Make us your home page

Today’s top headlines delivered to you daily.

(View our Privacy Policy)

Pornographer sentenced to nearly 4 years in prison

Paul Little, a.k.a. Max Hardcore, was found guilty in June.

Paul Little, a.k.a. Max Hardcore, was found guilty in June.

TAMPA — The pornographer tried to apologize.

His voice shook. He sounded as if he'd cry.

"I didn't realize I'd made a mistake," Hollywood hardcore producer Paul Little told the judge Friday. "My entire life I've been trying to do the right thing by people and by the law."

Senior U.S. District Judge Susan C. Bucklew interrupted him.

"Mr. Little, I find this almost incredible," she said. "You seem to look at this whole thing as a big joke."

Bucklew sentenced the man known as Max Hardcore to 3 years and 10 months in federal prison for selling and distributing his messy, sometimes violent videos in Tampa. She also made him forfeit three Web sites, fined him $7,500, ordered him to face three years of probation after his prison sentence and fined his company, Max World Entertainment, $75,000.

Tampa jurors convicted Little in June on 10 counts of selling obscene material on the Internet and 10 counts of shipping it to Tampa through the U.S. mail.

They reached that decision after watching 8 1/2 hours of extreme porn on a giant screen in court. At times, they winced as Little performed in sex scenes that included urinating and vomiting.

After nearly two weeks of trial and roughly 12 hours of deliberations, jurors decided that what they had seen went beyond the Tampa Bay region's community standards.

Little's attorneys, who argued his films were protected by the First Amendment, said they plan to appeal.

Little, whose net worth was determined by the government to be near $1.4-million, said his business has suffered since his conviction in June.

"It's cost me just about everything I've made," he said. "All of my money is gone. I've suffered a great deal here."

"Are you saying you're not in business?" Bucklew asked.

"I'm barely in business," he said. "It's on life support."

Little apologized for offending the people of Florida.

"This is completely brand new," he said. "For many years we've made our movies thinking they were completely legal."

Bucklew's sentence was on the low end of the federal guidelines used in such cases. Little faced up to 57 months in prison, and the recommended range for fines was between $1.2- and $2.4-million.

"That would appear to be relatively reasonable under the circumstances if you assume that there is any crime for which he should have been sentenced at all," said Eric M. Freedman, professor of First Amendment law at Hofstra University, who wasn't involved with the trial.

Freedman said it's rare that obscenity cases make it to trial, and sentences vary.

A Colorado porn magnate convicted of federal obscenity charges was sentenced in 2006 to 13 months in prison and ordered to close his adult stores in Texas. A federal judge in 2005 sentenced a Florida man to five years in prison after he pleaded guilty to conspiring to distribute obscene videotapes. An Arkansas man this year was sentenced to 14 months and fined $2,000 after he pleaded guilty to attempting to transfer obscene material to someone younger than 16.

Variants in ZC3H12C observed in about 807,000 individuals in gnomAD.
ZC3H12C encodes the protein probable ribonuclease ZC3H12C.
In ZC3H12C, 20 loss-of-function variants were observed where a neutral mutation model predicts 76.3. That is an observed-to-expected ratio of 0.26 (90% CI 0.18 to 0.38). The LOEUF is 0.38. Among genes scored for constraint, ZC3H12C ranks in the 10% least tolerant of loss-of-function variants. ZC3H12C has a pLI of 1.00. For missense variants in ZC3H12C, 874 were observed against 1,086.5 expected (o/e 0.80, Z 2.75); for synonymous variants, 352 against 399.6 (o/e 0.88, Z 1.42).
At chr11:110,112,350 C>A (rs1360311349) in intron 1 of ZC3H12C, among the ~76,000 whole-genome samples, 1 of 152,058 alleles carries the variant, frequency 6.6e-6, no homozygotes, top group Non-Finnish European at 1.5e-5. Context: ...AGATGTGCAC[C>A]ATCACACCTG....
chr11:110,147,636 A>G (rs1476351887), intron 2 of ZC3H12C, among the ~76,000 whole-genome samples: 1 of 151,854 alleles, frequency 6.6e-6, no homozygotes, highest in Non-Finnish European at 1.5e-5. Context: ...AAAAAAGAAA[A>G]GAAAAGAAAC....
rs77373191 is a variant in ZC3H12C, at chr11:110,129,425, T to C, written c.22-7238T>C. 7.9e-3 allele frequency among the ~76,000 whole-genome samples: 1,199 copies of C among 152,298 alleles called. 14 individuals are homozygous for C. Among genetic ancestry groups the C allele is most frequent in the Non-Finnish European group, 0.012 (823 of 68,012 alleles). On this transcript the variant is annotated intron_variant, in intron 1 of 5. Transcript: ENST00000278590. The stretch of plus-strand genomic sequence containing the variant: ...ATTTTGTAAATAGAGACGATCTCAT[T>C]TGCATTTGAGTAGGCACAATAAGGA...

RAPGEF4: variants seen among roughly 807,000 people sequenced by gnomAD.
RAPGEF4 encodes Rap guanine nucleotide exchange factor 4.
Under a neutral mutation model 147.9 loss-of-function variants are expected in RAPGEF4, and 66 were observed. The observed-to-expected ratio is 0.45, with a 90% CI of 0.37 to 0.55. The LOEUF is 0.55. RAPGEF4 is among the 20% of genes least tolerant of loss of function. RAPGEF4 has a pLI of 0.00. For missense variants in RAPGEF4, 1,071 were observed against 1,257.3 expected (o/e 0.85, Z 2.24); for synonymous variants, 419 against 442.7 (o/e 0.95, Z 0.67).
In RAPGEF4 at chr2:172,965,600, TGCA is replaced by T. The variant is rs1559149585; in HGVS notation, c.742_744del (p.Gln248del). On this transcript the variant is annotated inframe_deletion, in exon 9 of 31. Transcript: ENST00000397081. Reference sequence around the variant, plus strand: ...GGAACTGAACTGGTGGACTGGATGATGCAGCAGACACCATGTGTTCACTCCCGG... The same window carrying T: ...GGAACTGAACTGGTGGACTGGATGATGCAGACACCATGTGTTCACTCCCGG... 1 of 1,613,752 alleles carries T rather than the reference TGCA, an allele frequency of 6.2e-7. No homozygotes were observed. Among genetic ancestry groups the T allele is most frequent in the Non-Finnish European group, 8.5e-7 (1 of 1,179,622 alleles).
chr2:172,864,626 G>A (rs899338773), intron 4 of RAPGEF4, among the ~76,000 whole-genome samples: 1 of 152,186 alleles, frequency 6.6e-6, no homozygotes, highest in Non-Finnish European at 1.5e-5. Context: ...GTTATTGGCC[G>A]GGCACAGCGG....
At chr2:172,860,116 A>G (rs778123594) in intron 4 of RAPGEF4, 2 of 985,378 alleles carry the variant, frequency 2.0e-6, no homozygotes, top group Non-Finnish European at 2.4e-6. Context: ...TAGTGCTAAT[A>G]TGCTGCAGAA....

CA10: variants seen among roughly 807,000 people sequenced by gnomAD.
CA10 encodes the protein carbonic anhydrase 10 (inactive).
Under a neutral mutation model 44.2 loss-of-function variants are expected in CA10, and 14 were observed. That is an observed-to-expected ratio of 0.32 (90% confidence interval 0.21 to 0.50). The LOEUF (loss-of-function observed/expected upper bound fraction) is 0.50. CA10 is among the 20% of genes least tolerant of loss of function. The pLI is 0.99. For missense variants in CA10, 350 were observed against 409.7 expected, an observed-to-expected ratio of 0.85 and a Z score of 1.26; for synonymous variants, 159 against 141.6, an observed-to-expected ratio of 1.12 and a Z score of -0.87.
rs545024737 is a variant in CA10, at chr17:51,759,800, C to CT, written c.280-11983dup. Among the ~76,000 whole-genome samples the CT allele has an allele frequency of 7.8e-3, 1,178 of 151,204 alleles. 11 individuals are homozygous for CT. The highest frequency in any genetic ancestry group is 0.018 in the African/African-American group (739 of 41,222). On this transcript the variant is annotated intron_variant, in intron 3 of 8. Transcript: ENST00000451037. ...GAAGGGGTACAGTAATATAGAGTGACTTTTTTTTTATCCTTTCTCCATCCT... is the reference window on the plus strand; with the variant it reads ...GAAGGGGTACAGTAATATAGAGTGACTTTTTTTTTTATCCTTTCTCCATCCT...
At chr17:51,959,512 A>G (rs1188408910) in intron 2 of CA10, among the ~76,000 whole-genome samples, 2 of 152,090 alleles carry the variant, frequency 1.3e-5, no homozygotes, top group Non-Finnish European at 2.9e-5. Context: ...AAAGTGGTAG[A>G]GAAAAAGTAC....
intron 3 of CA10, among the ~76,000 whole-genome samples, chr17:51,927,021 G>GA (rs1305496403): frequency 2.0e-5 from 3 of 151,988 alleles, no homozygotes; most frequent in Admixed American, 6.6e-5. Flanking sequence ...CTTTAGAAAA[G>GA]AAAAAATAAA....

Federal prosecutors wished to send a message to the purveyors of this type of pornography, at a time many small producers are pioneering new material with new technology.

"It becomes a race to the bottom, fueled by the vastness, the speed and the anonymity of the Internet," said Edward J. McAndrew, an assistant U.S. attorney.

Ben Montgomery can be reached at or (727) 893-8650.

Pornographer sentenced to nearly 4 years in prison 10/03/08 [Last modified: Monday, October 13, 2008 1:33pm]
Photo reprints | Article reprints

© 2017 Tampa Bay Times


Join the discussion: Click to view comments, add yours

  1. Police: Uber driver's gun discharges during fight at Adventure Island in Tampa

    Public Safety

    TAMPA — An Uber driver's gun went off Sunday at Adventure Island during a fight between the driver and two passengers.

  2. Baker cautious on Pride politics


    Rick and Joyce Baker strode down Central Avenue Sunday amid rainbow flags, corporate booths, and blaring music of the St. Pete Pride Festival.

    St. Petersburg mayoral candidate Rick Baker chats Sunday with people at the St. Pete Pride Festival. As mayor, Baker did not sign a Pride parade proclamation, but now he says he would.
  3. Rays' bullpen stars lit up in loss to Orioles

    The Heater

    ST. PETERSBURG — Saturday it was the soft underbelly of the bullpen that let one get away from the Rays, incurring the wrath of the team's faithful followers, who wondered why the high-leverage guys weren't pitching.

    Rays closer Alex Colome, coming in with the score tied in the ninth, allows three runs in his second straight poor outing.
  4. Lightning among early suitors for defenseman Kevin Shattenkirk

    Lightning Strikes

    TAMPA — Lightning general manager Steve Yzerman said he planned to explore free agency for potential needs, which include bolstering his blue line and adding a wing or two.

    Defenseman Kevin Shattenkirk, who can be a free agent Saturday, counts the Lightning among his early suitors.
  5. Senate leaders try to appease members as support for health bill slips


    WASHINGTON — Senate Republican leaders scrambled Sunday to rally support for their health care bill, even as opposition continued to build outside Congress and two Republican senators questioned whether the bill would be approved this week.

    Sen. Rand Paul of Kentucky, speaking to reporters on Capitol Hill on Thursday, is one of the five Republican senators who announced they cannot support the health care bill as drafted.